Dog in the Snow: Vanishing Lands review – A daring record from a lost hellhound
Dog In The Snow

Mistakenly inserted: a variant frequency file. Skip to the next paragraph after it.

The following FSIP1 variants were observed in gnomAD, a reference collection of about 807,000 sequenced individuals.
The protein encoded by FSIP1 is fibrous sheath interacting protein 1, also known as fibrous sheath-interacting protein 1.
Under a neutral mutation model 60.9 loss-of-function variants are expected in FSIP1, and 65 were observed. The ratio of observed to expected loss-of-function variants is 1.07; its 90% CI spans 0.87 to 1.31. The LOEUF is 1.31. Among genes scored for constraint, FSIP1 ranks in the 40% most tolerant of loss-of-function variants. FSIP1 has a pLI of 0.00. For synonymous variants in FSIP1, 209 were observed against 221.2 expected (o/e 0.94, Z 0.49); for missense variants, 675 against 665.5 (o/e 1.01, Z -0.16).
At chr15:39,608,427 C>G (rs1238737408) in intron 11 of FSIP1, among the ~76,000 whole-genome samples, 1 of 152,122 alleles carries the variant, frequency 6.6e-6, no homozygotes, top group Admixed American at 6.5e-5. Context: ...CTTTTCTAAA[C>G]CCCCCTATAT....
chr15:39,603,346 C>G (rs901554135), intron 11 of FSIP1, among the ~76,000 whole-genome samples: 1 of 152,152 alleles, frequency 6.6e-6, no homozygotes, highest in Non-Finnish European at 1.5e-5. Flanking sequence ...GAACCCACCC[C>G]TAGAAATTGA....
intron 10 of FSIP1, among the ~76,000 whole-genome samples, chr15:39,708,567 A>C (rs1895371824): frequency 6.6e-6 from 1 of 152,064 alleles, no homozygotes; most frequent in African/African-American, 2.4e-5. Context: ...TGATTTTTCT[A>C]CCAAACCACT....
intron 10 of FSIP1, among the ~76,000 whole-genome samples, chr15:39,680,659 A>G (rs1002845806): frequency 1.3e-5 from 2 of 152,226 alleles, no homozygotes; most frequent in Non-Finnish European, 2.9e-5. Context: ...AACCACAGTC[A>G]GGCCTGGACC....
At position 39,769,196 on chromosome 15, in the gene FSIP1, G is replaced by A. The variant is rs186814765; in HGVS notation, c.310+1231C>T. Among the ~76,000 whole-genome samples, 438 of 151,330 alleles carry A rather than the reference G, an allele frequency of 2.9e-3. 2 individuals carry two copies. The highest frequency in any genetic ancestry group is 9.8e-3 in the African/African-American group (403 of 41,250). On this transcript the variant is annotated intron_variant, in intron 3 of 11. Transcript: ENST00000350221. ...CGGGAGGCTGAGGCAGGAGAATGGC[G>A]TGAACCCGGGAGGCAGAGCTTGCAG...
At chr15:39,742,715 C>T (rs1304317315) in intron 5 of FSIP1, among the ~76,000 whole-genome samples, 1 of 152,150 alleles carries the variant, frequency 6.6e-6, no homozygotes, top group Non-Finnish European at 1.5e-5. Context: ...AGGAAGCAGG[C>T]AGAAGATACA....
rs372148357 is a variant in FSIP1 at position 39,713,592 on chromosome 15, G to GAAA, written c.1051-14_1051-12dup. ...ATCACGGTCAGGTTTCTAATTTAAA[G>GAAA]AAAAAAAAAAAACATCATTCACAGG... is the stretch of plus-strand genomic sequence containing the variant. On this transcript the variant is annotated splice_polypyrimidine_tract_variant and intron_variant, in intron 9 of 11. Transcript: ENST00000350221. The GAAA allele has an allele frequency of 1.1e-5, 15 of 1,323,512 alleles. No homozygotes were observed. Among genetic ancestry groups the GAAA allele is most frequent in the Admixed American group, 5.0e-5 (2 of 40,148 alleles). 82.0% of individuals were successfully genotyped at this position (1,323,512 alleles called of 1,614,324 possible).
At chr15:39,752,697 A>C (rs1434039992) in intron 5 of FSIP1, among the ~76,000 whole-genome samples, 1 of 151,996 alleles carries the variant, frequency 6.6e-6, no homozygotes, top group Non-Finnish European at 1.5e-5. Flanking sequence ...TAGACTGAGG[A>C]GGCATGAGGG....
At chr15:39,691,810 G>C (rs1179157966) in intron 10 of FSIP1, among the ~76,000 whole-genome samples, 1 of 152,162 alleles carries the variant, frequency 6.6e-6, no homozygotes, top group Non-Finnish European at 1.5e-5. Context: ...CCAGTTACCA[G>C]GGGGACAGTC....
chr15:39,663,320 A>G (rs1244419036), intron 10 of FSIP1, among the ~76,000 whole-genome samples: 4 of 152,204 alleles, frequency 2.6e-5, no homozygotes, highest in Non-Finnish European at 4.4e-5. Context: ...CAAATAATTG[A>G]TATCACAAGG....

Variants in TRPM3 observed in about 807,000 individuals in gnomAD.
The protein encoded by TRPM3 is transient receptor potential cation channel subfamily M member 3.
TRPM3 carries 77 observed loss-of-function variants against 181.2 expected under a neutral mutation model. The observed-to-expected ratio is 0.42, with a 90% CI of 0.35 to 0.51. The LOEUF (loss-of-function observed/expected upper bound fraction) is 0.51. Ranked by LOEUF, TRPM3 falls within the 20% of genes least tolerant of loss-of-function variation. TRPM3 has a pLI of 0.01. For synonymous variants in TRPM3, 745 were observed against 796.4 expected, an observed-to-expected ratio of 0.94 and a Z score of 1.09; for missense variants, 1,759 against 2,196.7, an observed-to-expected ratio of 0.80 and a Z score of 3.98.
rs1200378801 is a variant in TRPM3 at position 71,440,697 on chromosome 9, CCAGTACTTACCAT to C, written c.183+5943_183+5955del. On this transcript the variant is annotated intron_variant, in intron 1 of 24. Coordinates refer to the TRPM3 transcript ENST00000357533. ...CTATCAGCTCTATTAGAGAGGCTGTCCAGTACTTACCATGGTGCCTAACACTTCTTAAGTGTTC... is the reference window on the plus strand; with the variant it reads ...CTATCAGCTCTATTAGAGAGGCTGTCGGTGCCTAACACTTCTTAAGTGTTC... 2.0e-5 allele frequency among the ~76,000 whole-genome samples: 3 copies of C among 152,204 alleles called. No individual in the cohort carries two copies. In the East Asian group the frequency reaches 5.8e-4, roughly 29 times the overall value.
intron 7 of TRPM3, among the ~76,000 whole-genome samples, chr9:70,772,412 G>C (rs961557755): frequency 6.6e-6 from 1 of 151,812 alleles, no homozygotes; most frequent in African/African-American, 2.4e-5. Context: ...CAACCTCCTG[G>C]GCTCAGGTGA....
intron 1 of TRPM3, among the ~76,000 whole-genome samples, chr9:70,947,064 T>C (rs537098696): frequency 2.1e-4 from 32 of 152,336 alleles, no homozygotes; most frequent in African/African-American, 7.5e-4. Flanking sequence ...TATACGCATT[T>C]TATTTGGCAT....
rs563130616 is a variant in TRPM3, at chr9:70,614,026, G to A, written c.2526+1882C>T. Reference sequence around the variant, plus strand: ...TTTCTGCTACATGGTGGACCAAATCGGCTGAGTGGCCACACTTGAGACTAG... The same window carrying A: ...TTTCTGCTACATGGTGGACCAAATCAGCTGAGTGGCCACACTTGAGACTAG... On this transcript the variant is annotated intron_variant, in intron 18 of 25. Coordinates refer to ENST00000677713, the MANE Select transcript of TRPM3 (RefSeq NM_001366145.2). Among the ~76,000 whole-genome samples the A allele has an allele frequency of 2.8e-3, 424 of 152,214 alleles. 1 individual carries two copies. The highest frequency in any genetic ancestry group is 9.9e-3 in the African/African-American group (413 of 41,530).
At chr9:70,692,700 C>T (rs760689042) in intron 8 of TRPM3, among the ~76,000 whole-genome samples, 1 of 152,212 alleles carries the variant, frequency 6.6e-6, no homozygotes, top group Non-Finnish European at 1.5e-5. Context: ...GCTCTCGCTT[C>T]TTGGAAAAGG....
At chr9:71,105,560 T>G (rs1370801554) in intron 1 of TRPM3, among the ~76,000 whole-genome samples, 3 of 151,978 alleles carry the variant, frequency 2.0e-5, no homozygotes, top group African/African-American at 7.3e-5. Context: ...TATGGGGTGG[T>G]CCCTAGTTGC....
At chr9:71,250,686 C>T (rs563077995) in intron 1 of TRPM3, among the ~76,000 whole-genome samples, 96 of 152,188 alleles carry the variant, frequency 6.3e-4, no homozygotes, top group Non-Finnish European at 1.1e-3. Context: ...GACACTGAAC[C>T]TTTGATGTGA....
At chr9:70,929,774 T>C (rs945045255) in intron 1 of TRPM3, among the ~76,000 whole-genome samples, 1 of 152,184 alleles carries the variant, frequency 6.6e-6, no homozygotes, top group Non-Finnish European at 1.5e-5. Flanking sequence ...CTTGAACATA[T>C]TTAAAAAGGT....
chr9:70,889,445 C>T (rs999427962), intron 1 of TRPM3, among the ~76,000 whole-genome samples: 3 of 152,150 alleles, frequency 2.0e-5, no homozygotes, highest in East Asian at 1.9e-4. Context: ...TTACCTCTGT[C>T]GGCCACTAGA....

If Kate Bush has been an angelic spirit expatriated into our world, maybe Helen Brown is a demon from the same realm. The singer’s second album, Vanishing Lands, released under the moniker Dog In The Snow, boasts some of Bush’s dramatic flair. But Brown – actually from Brighton with Scottish and Thai heritage – is a different beast, combining Nietzsche-esque nihilism, urban worldbuilding, and her own grim sense of terror. The battering beat, jittery guitar lines and hard-angle synth changes that form the intense Dual Terror feel like a late-night drive down a foggy motorway. Another highlight comes in the ornate art pop of This Only City, which finds Brown isolated within the four walls of her own metropolitan dwelling, writhing under neon street lights. Not every track works as well: Icaria is sludgy to the point of being difficult to absorb. Still, this is a daring record from a lost hellhound in human form, dropped into an urban dystopia to remind us all that we’re doomed.